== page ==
Our family’s spring break adventure last week was awesome! We took a 4,700 mile road trip to visit Mormon church history sites ranging from Missouri to New York and everyone had a great time. Well, with all that driving there was a lot of spare time in the car. Luckily, while in a book store in NY, this book caught my eye and helped to pass a portion of the time. I ‘m really happy I found it and I’m excited to share it with you!
The book is called “The Forgotten Skills of Self Sufficiency used by the Mormon Pioneers” by Caleb Warnock. If you haven’t heard of it, I’ll tell you a little bit about it. The book focuses on how early pioneers were able to plant and harvest, both during the main growing season as well as early/ late season so as to nearly always have fresh food to eat. I’ll tell you, speaking personally, if there’s one draw back to cooking with food storage you learn early on it’s the measure to which you find yourself missing fresh vegetables along side a meal! I’m really excited about the ideas contained in this book as well as the author’s plans for subsequent books to be coming out in the next year or so. Here’s a bit of what you’ll find…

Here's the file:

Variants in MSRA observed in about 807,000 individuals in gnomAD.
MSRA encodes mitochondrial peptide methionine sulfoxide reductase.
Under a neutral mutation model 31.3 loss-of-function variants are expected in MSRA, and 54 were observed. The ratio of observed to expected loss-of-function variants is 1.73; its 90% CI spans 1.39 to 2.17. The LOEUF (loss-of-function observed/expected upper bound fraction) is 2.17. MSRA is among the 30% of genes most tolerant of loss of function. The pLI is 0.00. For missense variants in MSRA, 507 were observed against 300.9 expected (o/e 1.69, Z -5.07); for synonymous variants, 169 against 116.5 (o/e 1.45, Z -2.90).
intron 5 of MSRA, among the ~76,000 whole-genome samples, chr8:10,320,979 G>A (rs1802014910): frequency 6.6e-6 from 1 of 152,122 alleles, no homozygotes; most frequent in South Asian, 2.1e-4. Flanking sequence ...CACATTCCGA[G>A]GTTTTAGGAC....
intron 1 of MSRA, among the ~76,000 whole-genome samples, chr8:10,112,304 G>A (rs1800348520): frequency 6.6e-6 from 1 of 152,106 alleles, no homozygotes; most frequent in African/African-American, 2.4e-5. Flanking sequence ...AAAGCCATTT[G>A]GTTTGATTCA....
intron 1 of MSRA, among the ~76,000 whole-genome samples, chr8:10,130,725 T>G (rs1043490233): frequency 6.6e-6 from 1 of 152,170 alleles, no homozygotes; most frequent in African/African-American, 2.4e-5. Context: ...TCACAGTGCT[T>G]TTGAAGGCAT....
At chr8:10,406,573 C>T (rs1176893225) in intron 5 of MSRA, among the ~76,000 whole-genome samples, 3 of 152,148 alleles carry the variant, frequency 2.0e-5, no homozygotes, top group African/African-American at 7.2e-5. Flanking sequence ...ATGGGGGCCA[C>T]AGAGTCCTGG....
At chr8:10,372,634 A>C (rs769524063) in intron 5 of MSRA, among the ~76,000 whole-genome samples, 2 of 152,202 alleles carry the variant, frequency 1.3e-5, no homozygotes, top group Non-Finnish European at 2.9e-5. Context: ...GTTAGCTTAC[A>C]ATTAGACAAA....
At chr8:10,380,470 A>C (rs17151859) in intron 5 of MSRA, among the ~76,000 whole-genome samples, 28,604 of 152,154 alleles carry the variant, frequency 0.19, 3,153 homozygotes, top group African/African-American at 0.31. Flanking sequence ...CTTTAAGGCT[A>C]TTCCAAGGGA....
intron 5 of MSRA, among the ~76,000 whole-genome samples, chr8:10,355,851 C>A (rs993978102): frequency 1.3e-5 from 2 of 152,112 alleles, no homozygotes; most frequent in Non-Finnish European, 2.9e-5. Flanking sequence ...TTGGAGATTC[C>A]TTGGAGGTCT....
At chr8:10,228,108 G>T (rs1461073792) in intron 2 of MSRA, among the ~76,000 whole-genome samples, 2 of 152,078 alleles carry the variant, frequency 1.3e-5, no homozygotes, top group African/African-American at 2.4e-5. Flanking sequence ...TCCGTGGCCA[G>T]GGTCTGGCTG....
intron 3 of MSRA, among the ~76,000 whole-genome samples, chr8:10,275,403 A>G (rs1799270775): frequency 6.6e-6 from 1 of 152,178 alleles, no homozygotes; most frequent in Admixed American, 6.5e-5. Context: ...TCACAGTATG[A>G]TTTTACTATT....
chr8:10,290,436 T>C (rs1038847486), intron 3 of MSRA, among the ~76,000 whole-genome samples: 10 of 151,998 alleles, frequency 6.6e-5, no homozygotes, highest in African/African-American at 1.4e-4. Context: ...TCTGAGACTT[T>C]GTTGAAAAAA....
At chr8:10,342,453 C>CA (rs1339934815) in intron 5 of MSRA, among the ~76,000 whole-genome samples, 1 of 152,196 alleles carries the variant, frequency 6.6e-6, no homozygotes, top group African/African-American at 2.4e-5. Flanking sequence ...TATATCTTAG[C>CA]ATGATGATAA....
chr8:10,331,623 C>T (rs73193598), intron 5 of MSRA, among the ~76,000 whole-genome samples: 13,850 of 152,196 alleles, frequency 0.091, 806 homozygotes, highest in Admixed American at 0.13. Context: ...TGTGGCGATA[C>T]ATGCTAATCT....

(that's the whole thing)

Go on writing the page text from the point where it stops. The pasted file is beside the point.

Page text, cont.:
- Tips on which vegetable varieties are best for early planting
- Hardy varieties that can withstand cold temperatures (the author BTW lives in Central Utah and does quite well even with it’s short growing season)
- Vegetables that are “earliest” in their harvest (such as an 18 day radish)
- Which vegetables work best as “fall crops”
- Tips on various homemade cellars and how to store different vegetables successfully through the winter.
The book also explains how to save seeds (and which type of seeds to plant in the first place) if you’re wanting a garden from which you never have to buy seeds again. This is important to know if your keeping seeds “just in case” since vegetables grown from most seeds you buy from the store will not yield successful seeds for a second season due to the way our seed supply has been altered over the last 100 years.
A couple other topics from the book that I’m interested in trying…one that I’ll actually do and another that doesn’t fit our lifestyle right now (but maybe someday…). First, pioneer yeast — not necessarily a sour yeast — is discussed, how to use it, keep it alive and bake with it so that you have a continuous supply of yeast on hand. Secondly, keeping chickens –this book has lots of advice on the subject from someone who’s kept chickens for many years.
I’ll see you again (with a recipe) tomorrow!